Gob-smacked, for a moment too shocked to think, Rolf’s forced to race to catch up, mind moving faster than it ever has. When he does, before Moe can leave the veils and hit that trap wherein he’ll no longer know who he’s messed with, Rolf plants a lurid, white-hot image of them, mid-fuck, bang smack in the centre of Moe’s mind. As the vivid reaction reels along the fragile thread of their connection, he chuckles to himself.
Then Moe, mind as delicious as his body, his mouth, is gone, replaced abruptly by a complete stranger. Taken by surprise, submerged in loss as keen as grief, Rolf folds to the kitchen floor, hands clenched to the pain in his middle. He didn’t know it would feel like this with Moe. Had expected it to hurt, perhaps, to affect him harder than the loss of Margo, but not like this, anything but this. Moe’s gone, as surely as if he’s died and, whoever he is now, whether or not he wears Moe’s face, he can never be Moe again, unless he remembers. If he remembers.
Choking on tears, on the unexpected burden of grief, Rolf does what’s necessary, weaves into that mind the image of his face, of Margo’s face, and Andreus. Those images fixed, the strange mind that was once Moe slips from Rolf’s grasp. This time, the fire burns as it washes across his sight, brings a wave of savage anger with it. Rolf pulls himself up from the floor and faces the door, armoured by this welcome carapace of fury.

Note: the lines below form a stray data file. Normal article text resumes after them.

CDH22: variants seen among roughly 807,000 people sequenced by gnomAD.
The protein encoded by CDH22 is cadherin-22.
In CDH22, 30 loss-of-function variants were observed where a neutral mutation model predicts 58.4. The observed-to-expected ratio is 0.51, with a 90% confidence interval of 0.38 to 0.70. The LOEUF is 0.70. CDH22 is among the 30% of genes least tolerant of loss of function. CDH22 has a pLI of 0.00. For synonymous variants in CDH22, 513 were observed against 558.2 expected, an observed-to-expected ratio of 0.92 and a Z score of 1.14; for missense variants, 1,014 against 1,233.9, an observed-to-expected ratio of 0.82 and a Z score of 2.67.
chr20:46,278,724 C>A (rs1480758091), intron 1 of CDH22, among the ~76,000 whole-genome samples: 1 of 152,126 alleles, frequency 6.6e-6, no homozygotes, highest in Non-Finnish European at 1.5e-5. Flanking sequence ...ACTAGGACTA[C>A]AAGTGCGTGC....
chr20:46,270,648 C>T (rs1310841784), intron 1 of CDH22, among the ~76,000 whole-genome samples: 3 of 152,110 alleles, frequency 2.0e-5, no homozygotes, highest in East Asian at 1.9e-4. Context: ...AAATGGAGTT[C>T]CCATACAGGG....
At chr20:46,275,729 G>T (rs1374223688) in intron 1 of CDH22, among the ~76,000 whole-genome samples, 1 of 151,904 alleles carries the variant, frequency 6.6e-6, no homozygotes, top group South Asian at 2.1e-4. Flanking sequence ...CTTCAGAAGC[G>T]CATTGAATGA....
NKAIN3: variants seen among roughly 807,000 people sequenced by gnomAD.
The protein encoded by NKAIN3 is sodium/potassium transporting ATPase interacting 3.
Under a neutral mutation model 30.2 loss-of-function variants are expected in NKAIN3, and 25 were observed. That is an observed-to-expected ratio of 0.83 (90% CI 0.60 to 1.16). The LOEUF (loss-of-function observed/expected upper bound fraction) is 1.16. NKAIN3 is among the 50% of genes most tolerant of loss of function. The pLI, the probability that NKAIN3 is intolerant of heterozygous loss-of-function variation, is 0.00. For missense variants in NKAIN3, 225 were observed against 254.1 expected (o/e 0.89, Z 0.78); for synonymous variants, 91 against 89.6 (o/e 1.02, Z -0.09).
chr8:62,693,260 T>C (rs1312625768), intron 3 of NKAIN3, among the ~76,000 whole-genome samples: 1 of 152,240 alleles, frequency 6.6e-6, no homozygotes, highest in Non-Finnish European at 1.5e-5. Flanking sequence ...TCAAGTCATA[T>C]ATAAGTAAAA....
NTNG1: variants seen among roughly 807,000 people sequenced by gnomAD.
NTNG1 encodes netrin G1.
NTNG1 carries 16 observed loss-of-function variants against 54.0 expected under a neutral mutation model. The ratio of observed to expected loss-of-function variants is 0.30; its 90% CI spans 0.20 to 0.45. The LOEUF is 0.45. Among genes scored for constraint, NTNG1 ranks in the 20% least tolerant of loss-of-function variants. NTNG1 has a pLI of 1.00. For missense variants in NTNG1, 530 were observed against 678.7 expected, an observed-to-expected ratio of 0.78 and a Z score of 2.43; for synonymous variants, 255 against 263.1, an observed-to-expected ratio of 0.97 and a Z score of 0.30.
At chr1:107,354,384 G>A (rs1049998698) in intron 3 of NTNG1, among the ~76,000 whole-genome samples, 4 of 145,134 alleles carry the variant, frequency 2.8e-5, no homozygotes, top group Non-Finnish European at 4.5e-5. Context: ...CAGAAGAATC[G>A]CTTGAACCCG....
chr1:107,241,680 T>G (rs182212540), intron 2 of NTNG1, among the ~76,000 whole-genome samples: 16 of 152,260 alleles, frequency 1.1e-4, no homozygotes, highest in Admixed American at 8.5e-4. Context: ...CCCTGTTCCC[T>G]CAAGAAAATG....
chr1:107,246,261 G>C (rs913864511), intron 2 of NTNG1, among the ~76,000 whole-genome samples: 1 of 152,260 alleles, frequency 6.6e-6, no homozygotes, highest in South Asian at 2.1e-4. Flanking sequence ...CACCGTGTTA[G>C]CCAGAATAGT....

Whatever fucker’s done this had better hope their plan works. Because, if he lives, if he remembers who he is, Rolf’s going after the cunt, and there’s no force anywhere in the veils or beyond that can stop him from making them pay.
Chorley strolls down the street, touches the tip of his cane to the brim of his top hat as he passes a dowdy chaperone, her gaggle of pretty debutantes. They giggle behind fans. Such artifice, sour as the spoiled milk of their damaged virtue; clear to his eyes as the alabaster powder lending their cheeks that modish, ghoulish hue. He continues toward the great Palace, admires the Georgian splendour of this section of Greater Londinium, the unfamiliar architectures beyond. It’s remarkable how the place has developed its own narrative, a unique identity. It all seems real, not a dream of veils to entrap some bothersome flies, to alter the course of the game, to play it in his own fashion.
What fun it’s been to play with the veils, not so dangerous as he was warned, uncomplicated indeed, most gratifying. Stability reigns in his little trap, however passing strange it’s become, and it’s ever so strange. Odd snippets of other veils have trickled in, woven seamlessly into his creation, as if they were meant to cohabit. Other membranes have leaked in, too, worlds not his own, containing wonders and possibly terrors he’s never encountered. The unusual blending fascinates and repels him, yet it’s all so perfect, holds its shape so very well. His old master would delight to see it, despite his warnings that such games are no longer possible, that all the veils and membranes have become too unstable to hold new patterns, let alone the ones they already form.
Chorley breathes in the scent of smoke and steam, of horse dung, perfume and crisp spring morning. Swings his cane, replete with satisfaction at his own genius. Life could not be better and, as the only soul in this delightful fabrication who knows its true nature, he’s in a perfect position to oversee the game as it plays out.
He’s almost disappointed that it must, in time, come to an end.
© Ren Warom 2012